My wife and I drove to Salt Lake City last night on a multi-tasking trip. We combined a date with picking up our son and a couple of friends from the university. But before bringing them home, we took them to a concert for which they had tickets that was at a venue near The Gateway.
We would have left the crew to get to the concert on their own, and then we would later have picked them up. But they needed to bring gear with them for the weekend and we didn't want to make a run from 5th West back up to the university, which would have added nearly an hour to our trip, getting us home even later.
Besides, we figured that we'd do something in town while the college kids were attending the concert. Our big mistake here was failing to plan in advance. We assumed that there were so many things to do in downtown Salt Lake City on a Friday night that we'd have no trouble finding something.
But the downtown area has changed a lot in recent years. With projects like City Creek Center, the downtown area has been a perpetual construction zone for several years running. So much has changed that many of the venues with which I was once familiar have moved or no longer exist. We didn't know what to expect, but we were sure to be able to find something to do.
Unfortunately, given the fact that I do not follow sports at all, we were unaware that there was a basketball game going on at the Energy Solutions Arena. All of the downtown parking spots were crammed. Traffic was terrible. After dropping the concertgoers, we drove east for a number of blocks before seeing someplace we could park.
We pulled into the City Creek Center underground parking. It is very clean and nice. But it is also unfinished. There are lots of escalators and elevators designed to take people to the surface, but zero of them were functional. We wandered around the very well-lit parking terrace until we saw people coming from the north. We backtracked the way they had come and discovered a 'temporary pedestrian path.' We followed this path as it went on and on and on until we found ourselves in the lower level of the Joseph Smith Memorial Building.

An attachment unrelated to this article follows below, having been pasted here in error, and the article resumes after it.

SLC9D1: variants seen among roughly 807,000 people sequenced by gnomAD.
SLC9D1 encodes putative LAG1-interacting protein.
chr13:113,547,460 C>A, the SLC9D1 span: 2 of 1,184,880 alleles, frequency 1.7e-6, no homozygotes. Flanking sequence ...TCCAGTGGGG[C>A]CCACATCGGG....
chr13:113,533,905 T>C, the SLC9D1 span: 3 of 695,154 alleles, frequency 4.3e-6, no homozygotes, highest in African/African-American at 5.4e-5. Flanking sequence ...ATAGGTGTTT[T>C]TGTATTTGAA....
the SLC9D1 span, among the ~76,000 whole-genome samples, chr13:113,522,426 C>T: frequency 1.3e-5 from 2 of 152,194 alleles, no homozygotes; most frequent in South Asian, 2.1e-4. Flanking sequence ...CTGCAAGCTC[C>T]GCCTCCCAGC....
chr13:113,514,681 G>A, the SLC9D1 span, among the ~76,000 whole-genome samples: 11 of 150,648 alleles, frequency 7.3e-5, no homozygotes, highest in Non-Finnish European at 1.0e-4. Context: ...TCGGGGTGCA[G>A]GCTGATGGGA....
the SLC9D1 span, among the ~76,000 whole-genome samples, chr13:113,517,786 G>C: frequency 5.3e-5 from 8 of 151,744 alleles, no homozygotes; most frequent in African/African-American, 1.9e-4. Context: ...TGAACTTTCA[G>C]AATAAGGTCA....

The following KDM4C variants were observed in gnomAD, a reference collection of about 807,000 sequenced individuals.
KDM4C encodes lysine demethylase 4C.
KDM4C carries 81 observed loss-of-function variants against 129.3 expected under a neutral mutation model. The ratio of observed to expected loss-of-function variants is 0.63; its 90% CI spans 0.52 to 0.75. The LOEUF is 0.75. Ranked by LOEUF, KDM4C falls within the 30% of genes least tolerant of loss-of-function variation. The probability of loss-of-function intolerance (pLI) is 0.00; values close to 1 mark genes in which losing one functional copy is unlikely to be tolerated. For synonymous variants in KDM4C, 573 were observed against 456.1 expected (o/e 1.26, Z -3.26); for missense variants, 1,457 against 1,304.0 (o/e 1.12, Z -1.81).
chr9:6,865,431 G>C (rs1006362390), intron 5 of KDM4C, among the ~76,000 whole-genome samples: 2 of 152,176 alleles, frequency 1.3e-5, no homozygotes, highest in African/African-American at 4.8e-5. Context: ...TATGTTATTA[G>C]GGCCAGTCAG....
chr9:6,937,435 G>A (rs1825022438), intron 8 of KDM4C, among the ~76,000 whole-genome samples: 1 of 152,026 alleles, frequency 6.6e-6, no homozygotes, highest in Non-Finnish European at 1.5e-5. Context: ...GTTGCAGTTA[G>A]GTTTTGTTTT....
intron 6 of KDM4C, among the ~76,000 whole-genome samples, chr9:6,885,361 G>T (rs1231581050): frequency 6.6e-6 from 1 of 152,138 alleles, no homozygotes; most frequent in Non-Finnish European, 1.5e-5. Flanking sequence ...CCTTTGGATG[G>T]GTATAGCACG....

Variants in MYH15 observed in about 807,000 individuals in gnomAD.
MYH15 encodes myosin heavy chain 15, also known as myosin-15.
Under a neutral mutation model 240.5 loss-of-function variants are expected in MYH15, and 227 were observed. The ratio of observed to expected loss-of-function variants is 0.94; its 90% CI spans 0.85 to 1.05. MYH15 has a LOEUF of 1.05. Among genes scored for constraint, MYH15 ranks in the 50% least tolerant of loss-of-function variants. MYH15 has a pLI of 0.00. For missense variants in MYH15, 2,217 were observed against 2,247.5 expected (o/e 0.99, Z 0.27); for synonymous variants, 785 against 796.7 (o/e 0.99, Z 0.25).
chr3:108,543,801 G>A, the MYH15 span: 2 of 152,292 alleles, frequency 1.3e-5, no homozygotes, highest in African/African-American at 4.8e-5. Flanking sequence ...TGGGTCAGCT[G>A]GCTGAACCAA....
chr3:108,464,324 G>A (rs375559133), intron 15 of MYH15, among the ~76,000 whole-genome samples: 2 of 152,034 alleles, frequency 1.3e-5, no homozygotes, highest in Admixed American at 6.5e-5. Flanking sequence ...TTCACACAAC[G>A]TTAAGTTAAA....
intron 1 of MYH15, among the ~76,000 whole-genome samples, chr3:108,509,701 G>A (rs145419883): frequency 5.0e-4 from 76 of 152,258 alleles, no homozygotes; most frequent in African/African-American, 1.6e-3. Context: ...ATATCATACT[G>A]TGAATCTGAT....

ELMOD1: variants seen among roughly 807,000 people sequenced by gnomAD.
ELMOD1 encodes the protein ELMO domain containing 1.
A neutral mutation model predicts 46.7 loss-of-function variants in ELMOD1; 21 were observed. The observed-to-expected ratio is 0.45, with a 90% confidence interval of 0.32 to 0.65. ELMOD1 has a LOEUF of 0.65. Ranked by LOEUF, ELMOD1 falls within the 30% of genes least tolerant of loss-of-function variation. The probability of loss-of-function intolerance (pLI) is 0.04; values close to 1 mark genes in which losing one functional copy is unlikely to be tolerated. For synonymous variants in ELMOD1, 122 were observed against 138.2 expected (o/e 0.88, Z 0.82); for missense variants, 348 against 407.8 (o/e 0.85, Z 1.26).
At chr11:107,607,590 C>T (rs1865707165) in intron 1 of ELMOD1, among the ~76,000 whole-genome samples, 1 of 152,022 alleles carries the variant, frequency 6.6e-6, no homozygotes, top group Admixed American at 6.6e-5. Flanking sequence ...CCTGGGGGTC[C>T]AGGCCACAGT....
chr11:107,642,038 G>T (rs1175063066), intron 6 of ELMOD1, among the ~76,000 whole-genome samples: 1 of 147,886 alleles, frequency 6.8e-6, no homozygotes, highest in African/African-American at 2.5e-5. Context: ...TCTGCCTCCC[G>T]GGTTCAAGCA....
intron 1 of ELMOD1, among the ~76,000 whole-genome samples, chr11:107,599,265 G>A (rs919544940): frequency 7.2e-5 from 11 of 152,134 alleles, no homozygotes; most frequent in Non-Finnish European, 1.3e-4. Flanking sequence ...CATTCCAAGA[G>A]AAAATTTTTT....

It was after 8 pm by this time. We knew that we could dine at The Garden or The Roof, which are in the building. Both are open until 10 pm on Fridays. But I'm not particularly fond of the fare at The Garden, and while The Roof is grand, so are its prices. It's someplace to go for a very special occasion. Maybe some other time. The Nauvoo Cafe and the Lion House Pantry are OK, but they both close at 8 pm.
We thought that, given how well lit City Creek Center was across the street from the JSMB, there certainly must be someplace to eat over there. We headed across the street, only to find the place largely deserted. You'd think that a venue like City Creek Center would post directories like they do at other similar developments. Maybe that kind of thing will come in the future. At least, we couldn't find anything like a directory last night.
We ducked into Deseret Book to get out of the cold. I checked the City Creek Center website on my smartphone. I was impressed with how well the mobile site was designed as well as its snappy response. But the only restaurant that was in operation at all was the Blue Lemon. We checked it out, but frankly, it didn't look like it was ready for prime time to us.
By this time it was a little before 9 pm and the entire district seemed like a ghost town. We decided to head back to our car. Although the parking terrace was just below our feet, we couldn't figure out how to access it directly during this construction phase. So we retraced our steps through the JSMB and made the long trek back to our car.
It was late and I was hungry. We were running out of time, because the college kids would need to be picked up before long. So we headed to the closest fast food establishment we could think of, ate in a hurry, and then went to pick up the concertgoers.
Although we had only a few blocks to drive, the basketball game had recently ended, so the traffic was appalling. Somehow we eventually arrived at the concert venue. As we waited for the crew to come, we saw people dropping off their young teens to attend a rave at the place. Many of the young girls we saw were wearing extremely brief and tight—uh, I'm not sure what to call them. I'd say pants, but they barely managed to cover the crotch. I suppose the parents of these kids were then freed up to go home and get high without the kids around.
Getting out of the downtown area was a bit of a chore as well. We ended up in a slow moving line of vehicles that were waiting to get onto the freeway. It stretched for blocks. I figured that we didn't need to play that game, so I split off and took an alternate route that sported surprisingly little traffic. I guess the standard sheep tendency common in crowds prevailed among the basketball revelers.
We finally arrived home a little before 11 pm, which was earlier than I had expected. In the future when venturing into downtown Salt Lake City, I will make sure to check to see what else is happening in the area so that I can be better prepared. I will also make more definite plans as to where to go and what to do rather than just leaving those questions open. And I plan on avoiding City Creek Center at least until after its grand opening on March 22.